From time to time, the government issues temporary flight restrictions, or TFRs, which pilots are responsible for knowing and following. In the west we get a lot of them in the summer months because of firefighting operations. When a tanker is coming in to drop fire retardant, they don't really want to worry about what other planes in the area might be doing. Other TFRs deal with sensitive national security areas, stadiums during games, and even the President's ranch. In the past when you wanted to know what current TFRs were in effect, you had to call the regional flight service center (run by the FAA) and get a briefing. Needless to say, that often doesn't get done.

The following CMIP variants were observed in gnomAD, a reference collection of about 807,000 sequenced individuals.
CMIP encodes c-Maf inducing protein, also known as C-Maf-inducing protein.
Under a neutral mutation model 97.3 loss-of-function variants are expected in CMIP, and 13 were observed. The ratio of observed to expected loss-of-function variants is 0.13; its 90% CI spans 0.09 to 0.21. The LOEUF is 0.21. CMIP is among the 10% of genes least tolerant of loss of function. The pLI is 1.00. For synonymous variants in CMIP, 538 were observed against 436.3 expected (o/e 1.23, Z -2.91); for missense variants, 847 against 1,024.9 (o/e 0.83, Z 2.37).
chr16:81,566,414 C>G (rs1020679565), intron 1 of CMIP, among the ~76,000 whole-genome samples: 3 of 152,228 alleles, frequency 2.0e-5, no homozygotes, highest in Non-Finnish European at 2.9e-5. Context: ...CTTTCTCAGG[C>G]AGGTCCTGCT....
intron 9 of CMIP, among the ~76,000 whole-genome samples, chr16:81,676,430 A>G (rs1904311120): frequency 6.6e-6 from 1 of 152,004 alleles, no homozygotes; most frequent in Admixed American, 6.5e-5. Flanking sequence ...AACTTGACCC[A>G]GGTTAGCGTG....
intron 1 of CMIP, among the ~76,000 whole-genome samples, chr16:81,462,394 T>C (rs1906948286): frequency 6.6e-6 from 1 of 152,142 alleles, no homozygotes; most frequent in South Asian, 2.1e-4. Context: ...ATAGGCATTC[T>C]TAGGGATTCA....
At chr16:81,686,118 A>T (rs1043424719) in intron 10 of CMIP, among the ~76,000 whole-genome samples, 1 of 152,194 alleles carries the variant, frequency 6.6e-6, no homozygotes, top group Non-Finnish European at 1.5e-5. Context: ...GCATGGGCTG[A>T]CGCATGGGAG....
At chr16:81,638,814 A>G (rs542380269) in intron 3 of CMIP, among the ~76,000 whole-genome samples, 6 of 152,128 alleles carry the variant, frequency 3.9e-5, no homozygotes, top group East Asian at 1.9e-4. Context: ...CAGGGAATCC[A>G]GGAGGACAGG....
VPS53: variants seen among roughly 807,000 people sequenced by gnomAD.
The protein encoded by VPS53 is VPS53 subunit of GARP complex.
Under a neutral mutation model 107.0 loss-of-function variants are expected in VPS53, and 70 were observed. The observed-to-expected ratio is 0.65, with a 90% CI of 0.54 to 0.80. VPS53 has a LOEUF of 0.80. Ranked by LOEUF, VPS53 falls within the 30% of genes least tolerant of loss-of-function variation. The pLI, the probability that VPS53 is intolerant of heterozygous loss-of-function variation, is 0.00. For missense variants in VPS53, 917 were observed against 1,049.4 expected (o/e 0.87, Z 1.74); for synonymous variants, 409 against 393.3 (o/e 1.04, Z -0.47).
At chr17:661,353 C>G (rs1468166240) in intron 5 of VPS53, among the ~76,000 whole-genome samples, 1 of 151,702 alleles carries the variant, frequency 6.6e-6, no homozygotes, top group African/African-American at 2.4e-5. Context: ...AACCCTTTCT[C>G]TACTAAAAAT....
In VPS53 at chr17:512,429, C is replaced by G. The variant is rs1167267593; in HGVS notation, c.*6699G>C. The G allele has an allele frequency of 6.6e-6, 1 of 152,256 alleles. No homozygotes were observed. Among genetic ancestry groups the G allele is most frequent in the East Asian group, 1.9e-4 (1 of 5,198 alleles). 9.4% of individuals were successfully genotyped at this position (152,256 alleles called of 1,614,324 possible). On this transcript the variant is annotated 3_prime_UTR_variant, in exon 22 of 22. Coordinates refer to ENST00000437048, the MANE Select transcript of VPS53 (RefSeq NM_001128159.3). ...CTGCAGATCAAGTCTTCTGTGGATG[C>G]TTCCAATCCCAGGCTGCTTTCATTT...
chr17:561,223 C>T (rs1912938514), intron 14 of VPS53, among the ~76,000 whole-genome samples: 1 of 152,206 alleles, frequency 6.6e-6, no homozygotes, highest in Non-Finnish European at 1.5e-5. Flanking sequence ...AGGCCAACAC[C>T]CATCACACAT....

Now, the BLM has a web site that lists TFRs by state and provides maps. This is a huge improvement and makes it much easier to visualize where not to fly. I wish it were designed a little differently to encourage use of the data by other programs and not just people. There are numerous web sites that pilots use to gather information and it would make things safer if all of the relevant data could be more closely integrated. Making data easy to use in multiple formats isn't much more costly than creating single-use data sources. Government's have a duty to make data as widely available as possible. I wish more eGovernment applications took that responsibility seriously.